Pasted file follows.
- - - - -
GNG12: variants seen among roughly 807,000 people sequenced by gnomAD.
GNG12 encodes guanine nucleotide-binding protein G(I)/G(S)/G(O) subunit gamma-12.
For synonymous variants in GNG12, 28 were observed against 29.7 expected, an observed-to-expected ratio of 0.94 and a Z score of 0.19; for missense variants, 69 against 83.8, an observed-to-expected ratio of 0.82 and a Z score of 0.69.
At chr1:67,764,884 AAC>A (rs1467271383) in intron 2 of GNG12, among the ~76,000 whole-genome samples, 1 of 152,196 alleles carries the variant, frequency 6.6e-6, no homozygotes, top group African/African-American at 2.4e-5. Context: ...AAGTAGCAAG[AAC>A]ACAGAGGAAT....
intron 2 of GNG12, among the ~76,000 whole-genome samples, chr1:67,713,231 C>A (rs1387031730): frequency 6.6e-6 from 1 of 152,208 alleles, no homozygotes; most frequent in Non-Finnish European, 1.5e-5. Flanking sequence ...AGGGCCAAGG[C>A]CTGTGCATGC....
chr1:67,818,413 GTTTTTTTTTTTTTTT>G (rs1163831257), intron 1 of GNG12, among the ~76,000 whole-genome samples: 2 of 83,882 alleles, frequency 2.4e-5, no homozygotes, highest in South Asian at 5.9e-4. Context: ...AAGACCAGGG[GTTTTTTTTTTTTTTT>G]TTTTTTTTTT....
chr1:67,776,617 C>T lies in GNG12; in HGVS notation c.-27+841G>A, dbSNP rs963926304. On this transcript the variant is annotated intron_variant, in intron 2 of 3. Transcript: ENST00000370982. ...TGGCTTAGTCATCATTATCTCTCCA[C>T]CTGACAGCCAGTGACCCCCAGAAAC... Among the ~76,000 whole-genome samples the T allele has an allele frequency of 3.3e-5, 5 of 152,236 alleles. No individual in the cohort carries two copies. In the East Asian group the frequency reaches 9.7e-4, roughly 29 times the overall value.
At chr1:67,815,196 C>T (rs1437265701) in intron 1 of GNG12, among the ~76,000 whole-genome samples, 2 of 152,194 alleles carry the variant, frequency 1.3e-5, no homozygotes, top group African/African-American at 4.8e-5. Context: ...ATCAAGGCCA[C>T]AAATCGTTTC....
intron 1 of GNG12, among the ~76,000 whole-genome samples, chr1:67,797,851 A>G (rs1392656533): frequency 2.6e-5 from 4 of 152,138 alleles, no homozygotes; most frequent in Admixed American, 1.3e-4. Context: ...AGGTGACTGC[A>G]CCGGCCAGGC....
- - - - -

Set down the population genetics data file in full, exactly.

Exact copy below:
GNG12: variants seen among roughly 807,000 people sequenced by gnomAD.
GNG12 encodes guanine nucleotide-binding protein G(I)/G(S)/G(O) subunit gamma-12.
For synonymous variants in GNG12, 28 were observed against 29.7 expected, an observed-to-expected ratio of 0.94 and a Z score of 0.19; for missense variants, 69 against 83.8, an observed-to-expected ratio of 0.82 and a Z score of 0.69.
At chr1:67,764,884 AAC>A (rs1467271383) in intron 2 of GNG12, among the ~76,000 whole-genome samples, 1 of 152,196 alleles carries the variant, frequency 6.6e-6, no homozygotes, top group African/African-American at 2.4e-5. Context: ...AAGTAGCAAG[AAC>A]ACAGAGGAAT....
intron 2 of GNG12, among the ~76,000 whole-genome samples, chr1:67,713,231 C>A (rs1387031730): frequency 6.6e-6 from 1 of 152,208 alleles, no homozygotes; most frequent in Non-Finnish European, 1.5e-5. Flanking sequence ...AGGGCCAAGG[C>A]CTGTGCATGC....
chr1:67,818,413 GTTTTTTTTTTTTTTT>G (rs1163831257), intron 1 of GNG12, among the ~76,000 whole-genome samples: 2 of 83,882 alleles, frequency 2.4e-5, no homozygotes, highest in South Asian at 5.9e-4. Context: ...AAGACCAGGG[GTTTTTTTTTTTTTTT>G]TTTTTTTTTT....
chr1:67,776,617 C>T lies in GNG12; in HGVS notation c.-27+841G>A, dbSNP rs963926304. On this transcript the variant is annotated intron_variant, in intron 2 of 3. Transcript: ENST00000370982. ...TGGCTTAGTCATCATTATCTCTCCA[C>T]CTGACAGCCAGTGACCCCCAGAAAC... Among the ~76,000 whole-genome samples the T allele has an allele frequency of 3.3e-5, 5 of 152,236 alleles. No individual in the cohort carries two copies. In the East Asian group the frequency reaches 9.7e-4, roughly 29 times the overall value.
At chr1:67,815,196 C>T (rs1437265701) in intron 1 of GNG12, among the ~76,000 whole-genome samples, 2 of 152,194 alleles carry the variant, frequency 1.3e-5, no homozygotes, top group African/African-American at 4.8e-5. Context: ...ATCAAGGCCA[C>T]AAATCGTTTC....
intron 1 of GNG12, among the ~76,000 whole-genome samples, chr1:67,797,851 A>G (rs1392656533): frequency 2.6e-5 from 4 of 152,138 alleles, no homozygotes; most frequent in Admixed American, 1.3e-4. Context: ...AGGTGACTGC[A>G]CCGGCCAGGC....